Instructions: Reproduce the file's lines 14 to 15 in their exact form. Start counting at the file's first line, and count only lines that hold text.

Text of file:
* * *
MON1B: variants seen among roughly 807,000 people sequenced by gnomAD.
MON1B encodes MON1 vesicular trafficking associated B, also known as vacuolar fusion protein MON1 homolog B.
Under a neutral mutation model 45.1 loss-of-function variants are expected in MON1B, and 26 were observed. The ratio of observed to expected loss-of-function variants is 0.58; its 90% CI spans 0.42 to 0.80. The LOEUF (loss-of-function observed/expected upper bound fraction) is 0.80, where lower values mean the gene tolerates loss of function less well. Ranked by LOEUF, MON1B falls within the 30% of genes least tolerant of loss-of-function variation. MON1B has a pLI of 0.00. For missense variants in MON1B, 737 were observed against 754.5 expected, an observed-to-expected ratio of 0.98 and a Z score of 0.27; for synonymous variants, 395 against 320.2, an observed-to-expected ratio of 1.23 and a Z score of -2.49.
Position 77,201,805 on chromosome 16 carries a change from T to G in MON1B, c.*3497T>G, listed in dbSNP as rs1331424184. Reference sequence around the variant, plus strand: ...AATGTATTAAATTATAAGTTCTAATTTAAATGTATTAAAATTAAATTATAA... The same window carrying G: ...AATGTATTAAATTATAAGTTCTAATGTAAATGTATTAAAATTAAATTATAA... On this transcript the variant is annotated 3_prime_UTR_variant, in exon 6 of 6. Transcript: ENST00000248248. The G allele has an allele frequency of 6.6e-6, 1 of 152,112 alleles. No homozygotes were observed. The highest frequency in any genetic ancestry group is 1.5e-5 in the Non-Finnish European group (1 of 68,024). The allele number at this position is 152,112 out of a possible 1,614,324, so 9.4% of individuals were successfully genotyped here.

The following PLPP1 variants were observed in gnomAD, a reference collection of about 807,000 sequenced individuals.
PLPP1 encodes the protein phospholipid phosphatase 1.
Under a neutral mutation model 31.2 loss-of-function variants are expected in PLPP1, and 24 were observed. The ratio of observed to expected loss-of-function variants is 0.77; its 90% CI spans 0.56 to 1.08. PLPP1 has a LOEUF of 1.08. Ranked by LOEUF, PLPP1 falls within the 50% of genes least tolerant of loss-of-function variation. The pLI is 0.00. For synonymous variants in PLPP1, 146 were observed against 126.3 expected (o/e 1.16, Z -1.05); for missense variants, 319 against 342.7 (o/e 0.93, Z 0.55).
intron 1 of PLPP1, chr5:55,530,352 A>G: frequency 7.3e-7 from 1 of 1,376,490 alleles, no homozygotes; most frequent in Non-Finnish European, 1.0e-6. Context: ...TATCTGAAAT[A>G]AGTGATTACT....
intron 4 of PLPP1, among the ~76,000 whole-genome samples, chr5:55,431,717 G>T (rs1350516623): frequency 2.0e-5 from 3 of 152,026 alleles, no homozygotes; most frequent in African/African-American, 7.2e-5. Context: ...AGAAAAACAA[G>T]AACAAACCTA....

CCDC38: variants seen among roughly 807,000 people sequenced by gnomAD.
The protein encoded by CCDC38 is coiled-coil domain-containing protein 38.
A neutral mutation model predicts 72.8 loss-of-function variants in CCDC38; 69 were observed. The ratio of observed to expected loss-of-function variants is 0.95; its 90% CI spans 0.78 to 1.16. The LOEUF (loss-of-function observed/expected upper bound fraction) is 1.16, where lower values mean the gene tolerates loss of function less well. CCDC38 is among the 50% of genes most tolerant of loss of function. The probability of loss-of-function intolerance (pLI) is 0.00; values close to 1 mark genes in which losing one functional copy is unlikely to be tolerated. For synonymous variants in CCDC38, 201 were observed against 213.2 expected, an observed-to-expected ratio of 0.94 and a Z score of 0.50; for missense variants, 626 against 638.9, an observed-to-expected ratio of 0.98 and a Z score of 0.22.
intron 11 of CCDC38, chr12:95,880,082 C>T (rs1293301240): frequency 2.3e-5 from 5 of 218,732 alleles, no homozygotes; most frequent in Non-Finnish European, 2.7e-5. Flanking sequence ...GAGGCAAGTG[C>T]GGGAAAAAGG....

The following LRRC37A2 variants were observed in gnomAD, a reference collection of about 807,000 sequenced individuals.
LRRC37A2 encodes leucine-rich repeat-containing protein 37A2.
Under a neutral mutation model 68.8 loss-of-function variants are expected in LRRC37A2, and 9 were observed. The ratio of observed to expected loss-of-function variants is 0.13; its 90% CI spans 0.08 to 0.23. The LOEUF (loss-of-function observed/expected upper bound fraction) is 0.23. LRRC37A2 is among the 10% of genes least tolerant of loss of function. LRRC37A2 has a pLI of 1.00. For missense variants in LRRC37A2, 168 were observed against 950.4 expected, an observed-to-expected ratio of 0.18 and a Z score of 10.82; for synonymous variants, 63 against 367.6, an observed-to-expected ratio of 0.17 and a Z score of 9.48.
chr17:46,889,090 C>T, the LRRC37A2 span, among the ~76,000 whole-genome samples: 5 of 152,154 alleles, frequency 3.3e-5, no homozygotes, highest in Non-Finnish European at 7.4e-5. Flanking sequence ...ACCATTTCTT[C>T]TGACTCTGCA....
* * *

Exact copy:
The following LRRC37A2 variants were observed in gnomAD, a reference collection of about 807,000 sequenced individuals.
LRRC37A2 encodes leucine-rich repeat-containing protein 37A2.